I FINALLY SHARED a mountain night with one of my offspring this last weekend. Pretty late in the year, but goodness was it worth the wait!
My approach to getting my children into the outdoors has always been gentle – to not force it. We’ve all seen parents dragging reluctant kids on walks, which never looks like a positive experience for either child or parent. Or for others who witness the drama! As I see it, dragging children into the outdoors kicking and screaming will only lead to two things: children put off the outdoors for life, and strained parent-child relationships.
Then again, I’m no child psychologist. Maybe I’m missing something?
Either way, it’s an approach I’ve never wanted to take.
Both of my children camped a lot more when they were younger, when they were more willing to tag along without question. And I know they were benefiting from our walks and camps – I watched them engaging with nature with un-reserved un-bounded joy. But in recent years, as they’ve grown in independence and self-awareness, a certain reluctance has set in, especially with my youngest, my now 12-year old daughter. Three years ago she began a spider- and insect-phobia phase, and forcing her to camp was never going to work. And so I waited, confident she’d one day request another camp. Finally, last year, she did. Inspired by her love of pioneer times, and especially Laura Ingalls Wilder’s Little House on the Prairie books, we tramped into a local State Park. Once there, she was able to live out some of her pioneer fantasies, as well as engage with nature without truly noticing what she was doing. It was a joy to behold and share.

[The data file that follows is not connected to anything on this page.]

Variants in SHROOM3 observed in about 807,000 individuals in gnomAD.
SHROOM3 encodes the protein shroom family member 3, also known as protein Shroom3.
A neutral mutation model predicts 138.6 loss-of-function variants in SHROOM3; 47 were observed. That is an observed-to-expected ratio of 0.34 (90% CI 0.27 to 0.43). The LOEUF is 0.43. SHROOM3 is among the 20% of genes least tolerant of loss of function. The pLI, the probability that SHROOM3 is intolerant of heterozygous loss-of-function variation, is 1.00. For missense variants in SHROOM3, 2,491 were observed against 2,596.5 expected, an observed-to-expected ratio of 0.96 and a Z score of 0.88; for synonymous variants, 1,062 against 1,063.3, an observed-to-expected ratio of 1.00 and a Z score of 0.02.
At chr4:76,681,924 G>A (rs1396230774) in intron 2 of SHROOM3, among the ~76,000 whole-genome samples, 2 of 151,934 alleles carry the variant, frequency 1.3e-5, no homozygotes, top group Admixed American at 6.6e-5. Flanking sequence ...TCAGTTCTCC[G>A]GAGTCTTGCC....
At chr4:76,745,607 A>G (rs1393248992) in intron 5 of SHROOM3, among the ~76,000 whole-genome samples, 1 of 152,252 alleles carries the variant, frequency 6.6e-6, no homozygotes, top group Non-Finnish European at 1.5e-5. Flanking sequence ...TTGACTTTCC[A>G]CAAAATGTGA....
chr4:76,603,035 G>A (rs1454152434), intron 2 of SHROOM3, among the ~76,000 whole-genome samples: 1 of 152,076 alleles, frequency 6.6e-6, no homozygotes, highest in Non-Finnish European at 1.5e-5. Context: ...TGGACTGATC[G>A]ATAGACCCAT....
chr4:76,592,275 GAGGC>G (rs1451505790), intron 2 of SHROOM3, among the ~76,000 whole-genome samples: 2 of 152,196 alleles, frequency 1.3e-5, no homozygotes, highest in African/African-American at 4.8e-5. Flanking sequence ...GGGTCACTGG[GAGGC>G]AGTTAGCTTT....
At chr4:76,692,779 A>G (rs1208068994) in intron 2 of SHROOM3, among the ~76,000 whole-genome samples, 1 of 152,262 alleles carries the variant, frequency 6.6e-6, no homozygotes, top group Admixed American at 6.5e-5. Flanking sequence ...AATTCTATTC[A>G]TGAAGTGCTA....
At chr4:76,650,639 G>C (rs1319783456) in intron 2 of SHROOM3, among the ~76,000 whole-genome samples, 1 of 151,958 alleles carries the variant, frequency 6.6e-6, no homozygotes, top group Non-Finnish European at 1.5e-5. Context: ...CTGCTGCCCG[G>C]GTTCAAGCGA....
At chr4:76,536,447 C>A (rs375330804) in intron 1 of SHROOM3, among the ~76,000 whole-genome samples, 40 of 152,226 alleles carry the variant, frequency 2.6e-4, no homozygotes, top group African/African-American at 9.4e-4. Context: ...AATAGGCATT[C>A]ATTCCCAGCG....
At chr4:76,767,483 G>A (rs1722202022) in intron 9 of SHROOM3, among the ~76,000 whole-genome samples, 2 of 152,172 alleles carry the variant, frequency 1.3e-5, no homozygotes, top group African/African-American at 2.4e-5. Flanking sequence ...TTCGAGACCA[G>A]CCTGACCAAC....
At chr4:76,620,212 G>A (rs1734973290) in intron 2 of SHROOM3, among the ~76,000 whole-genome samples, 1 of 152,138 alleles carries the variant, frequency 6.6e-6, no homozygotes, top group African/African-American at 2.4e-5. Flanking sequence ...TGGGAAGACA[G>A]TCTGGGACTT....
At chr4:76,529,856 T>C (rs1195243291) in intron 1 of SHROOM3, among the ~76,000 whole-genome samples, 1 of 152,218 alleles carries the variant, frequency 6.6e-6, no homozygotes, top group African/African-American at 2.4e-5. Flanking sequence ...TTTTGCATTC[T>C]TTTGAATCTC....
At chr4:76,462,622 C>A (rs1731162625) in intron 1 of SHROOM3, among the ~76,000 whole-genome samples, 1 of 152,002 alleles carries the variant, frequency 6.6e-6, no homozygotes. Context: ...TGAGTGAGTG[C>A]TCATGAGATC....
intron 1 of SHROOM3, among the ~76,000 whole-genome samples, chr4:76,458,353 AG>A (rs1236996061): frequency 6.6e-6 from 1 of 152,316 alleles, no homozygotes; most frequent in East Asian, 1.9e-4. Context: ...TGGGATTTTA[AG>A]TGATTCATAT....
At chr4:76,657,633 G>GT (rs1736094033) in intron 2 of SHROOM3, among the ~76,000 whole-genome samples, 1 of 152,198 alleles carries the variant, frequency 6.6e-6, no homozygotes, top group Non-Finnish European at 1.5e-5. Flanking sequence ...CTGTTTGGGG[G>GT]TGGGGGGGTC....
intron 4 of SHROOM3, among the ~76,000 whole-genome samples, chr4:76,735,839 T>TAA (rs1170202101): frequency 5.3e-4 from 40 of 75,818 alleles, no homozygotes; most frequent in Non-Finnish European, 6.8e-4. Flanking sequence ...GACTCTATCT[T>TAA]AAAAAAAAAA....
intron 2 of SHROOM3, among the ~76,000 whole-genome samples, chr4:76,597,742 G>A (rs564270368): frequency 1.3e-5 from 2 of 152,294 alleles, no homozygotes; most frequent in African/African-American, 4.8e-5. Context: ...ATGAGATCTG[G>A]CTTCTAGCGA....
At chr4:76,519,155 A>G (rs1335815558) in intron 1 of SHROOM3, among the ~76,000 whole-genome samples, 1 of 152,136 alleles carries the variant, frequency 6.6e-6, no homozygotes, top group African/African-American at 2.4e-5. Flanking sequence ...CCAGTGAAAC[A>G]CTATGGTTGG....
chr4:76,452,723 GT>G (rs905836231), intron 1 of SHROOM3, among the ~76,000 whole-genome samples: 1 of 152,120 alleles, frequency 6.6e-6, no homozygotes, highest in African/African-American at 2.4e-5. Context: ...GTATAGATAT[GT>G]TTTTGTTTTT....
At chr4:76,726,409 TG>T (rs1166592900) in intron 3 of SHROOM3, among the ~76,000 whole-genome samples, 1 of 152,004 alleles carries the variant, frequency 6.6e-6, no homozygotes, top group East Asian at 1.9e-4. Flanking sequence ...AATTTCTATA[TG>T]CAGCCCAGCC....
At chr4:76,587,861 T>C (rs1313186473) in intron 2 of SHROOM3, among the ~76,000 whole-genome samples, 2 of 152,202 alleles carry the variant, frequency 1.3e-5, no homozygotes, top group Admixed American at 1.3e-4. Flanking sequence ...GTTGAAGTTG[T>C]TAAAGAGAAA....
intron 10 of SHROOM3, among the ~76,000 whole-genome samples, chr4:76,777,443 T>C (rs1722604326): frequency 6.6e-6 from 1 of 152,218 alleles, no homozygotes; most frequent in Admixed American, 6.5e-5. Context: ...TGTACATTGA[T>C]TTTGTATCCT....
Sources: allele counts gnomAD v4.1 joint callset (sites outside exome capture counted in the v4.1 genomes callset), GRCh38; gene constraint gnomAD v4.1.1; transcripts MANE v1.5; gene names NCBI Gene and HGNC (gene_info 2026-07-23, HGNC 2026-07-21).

My oldest child, Riley, has always loved backpacking. In fact, we have a shared dream… and a plan: in two year’s time we’ll walk the 640-mile South-west Coast Path together. But in the last couple of years, with certain life challenges to overcome, getting the child out hasn’t been easy. I’ve offered camps, but the offers have been declined. But I’ve not made a big deal of it. Or given up.
And last week, wonderfully, I received a ‘Yes – I’d love to!’ response. And so away we went.
It was only one night, and we didn’t walk far. But it was a steep off-trail route, so it felt like an adventure. Although un-acclimatized to the altitude, and out of practice walking with a rucksack, Riley managed the trek better than well. The walk was completed with patience and optimism, there was no whining, no words of complaint – just good humor and appreciation. ‘It’s really lovely here,’ Riley observed, looking around at the rough emerald forest.
The outing grew even better when we reached camp. The magic of the untrammeled place sunk deep, the outside world faded away, and soon laughter became our main activity. You can hear it in the video HERE. To help with book sales, we made a stab at filming a video for my Amazon book page – but it was an abject failure. With Riley holding the phone, it was impossible to play it straight… and laughter consumed us. Manic, hysterical laughter.
But what a wonderful way to fail!
That night, we both slept well. The following morning was peaceful, companionable and, once again, laughter filled. The location itself created memories: the unusually strong scent of pine; the mountains being released from nine months of snow; the echoing birdsong in the woods… but it is the memory of companionship and laughter that will linger longest. That… and a beautiful, sweet moment that occurred at sunset.
As the day’s last light glowed on Mount Bierstadt, Riley complied when I requested we take a photo of us both looking at the view. I pressed the camera’s ten-second timer, dashed into place, sat beside Riley on a rock, and then, unexpectedly, my sweet and affectionate sixteen-year old put their arm around me and rested their purple-haired head on my shoulder.
It was a beautiful moment, and I abandoned the idea of disrupting it to take more photos. We sat on the rock for a long long while.